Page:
Portugal markets recover as political crisis talks resume
LISBON, July 4 (Reuters) - Portugal's bond yields dropped on Thursday and its stock market rose, reversing some of the previous day's sharp losses, as the prime minister and his junior coalition partner sought to defuse a political crisis.
After a first inconclusive meeting overnight, premier Pedro Passos Coelho and his rightist CDS-PP allies are due to meet again early on Thursday to try to heal a rift that risks derailing Lisbon's exit from its international bailout.
Diario Economico newspaper cited a government source as saying Passos Coelho was hoping to find a solution that would prevent a snap election and preserve his coalition government to take to the president later on Thursday.
The resignations of finance minister Vitor Gaspar and foreign minister Paulo Portas this week have threatened to deprive the government of a majority in parliament.
Another newspaper, Diario de Noticias, said the overnight meeting had been "very constructive", but inconclusive.
The returns investors demand to hold Portugal's 10-year bonds dropped to 7.3 percent after spiking to more than 8 percent on Wednesday for the first time since November. Lisbon's PSI 20 stock index was up 3.3 percent after sliding 5.3 percent the previous day, as hopes grew that the government can resolve its differences and avert an early election.
Analysts and local media said a solution to the worst rift since 2011 could involve a government reshuffle, giving more clout to the junior partner, the rightist CDS-PP, and possibly an easing of austerity policies implemented under the bailout.
President Anibal Cavaco Silva began crisis talks with political parties on Wednesday that will continue on Thursday and will also involve a meeting with Passos Coelho.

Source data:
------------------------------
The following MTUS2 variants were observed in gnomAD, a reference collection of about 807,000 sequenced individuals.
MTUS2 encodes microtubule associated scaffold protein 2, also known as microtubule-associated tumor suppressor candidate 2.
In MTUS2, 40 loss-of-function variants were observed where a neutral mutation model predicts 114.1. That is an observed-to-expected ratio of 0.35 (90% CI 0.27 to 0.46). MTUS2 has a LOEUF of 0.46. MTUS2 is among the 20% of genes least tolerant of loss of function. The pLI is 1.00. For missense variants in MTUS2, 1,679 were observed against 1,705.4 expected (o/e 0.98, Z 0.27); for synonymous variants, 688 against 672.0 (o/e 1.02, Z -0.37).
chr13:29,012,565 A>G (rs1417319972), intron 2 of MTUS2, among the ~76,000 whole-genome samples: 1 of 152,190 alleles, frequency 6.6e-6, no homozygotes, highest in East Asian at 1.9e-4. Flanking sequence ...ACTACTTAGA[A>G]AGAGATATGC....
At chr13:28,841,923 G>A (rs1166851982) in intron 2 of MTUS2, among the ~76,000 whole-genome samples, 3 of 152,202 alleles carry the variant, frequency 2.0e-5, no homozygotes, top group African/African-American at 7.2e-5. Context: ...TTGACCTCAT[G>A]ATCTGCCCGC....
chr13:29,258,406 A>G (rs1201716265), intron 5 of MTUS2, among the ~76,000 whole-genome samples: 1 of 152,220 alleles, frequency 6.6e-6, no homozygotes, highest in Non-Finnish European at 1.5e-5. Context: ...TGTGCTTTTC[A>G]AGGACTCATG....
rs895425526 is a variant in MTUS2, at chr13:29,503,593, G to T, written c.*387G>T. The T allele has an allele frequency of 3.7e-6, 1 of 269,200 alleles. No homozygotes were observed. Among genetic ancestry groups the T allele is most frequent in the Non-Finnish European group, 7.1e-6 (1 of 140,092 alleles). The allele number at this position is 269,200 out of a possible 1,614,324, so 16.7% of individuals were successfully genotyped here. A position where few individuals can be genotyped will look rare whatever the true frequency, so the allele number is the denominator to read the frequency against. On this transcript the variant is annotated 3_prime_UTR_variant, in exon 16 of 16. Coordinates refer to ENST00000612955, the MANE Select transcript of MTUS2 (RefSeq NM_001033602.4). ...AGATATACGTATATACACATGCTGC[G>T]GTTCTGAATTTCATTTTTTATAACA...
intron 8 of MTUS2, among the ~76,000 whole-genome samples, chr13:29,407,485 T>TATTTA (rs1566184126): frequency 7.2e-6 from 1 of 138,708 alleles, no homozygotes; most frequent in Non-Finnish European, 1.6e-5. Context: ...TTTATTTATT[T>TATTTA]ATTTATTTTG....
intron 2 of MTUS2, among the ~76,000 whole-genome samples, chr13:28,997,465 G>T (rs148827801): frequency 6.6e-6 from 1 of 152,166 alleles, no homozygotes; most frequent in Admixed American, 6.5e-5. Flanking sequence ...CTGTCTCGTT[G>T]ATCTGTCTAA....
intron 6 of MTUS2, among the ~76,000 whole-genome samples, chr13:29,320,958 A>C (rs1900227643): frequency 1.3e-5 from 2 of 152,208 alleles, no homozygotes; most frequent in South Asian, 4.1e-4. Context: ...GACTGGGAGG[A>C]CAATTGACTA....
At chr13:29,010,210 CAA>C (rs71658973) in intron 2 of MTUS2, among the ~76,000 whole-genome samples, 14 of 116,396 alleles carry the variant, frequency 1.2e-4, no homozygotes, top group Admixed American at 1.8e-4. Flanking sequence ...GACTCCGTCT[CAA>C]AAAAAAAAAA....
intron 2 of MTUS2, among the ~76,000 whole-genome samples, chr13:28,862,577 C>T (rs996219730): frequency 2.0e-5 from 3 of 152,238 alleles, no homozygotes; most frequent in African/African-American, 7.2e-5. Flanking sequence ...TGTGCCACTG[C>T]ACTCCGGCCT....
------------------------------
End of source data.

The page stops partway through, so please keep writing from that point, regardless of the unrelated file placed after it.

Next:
Passos Coelho has said his government will survive the crisis created by this week's resignations.
Portas's CDS-PP party has agreed to negotiate a solution and said its other two ministers would not resign, at least for now.
Despite efforts to mend the division - sparked by deep and growing misgivings in Portugal over the government's relentless austerity drive to meet the terms of its bailout - many analysts said it was only a matter of time before the government fell.
Lisbon's creditors - the European Union and International Monetary Fund - are due to start their next review of the economy on July 15, but that visit might now be delayed.
Passos Coelho has fought to keep Portugal on course to complete its 78 billion euro ($102 billion) bailout next year as scheduled, but austerity measures have pushed it deeper into its worst economic crisis since the 1970s.
Gaspar, architect of the spending cuts and tax hikes required by Portugal's lenders, quit as finance minister on Monday, citing an erosion in support for the bailout.
Portas resigned the next day because he objected to the appointment of Treasury Secretary Maria Luis Albuquerque to replace Gaspar.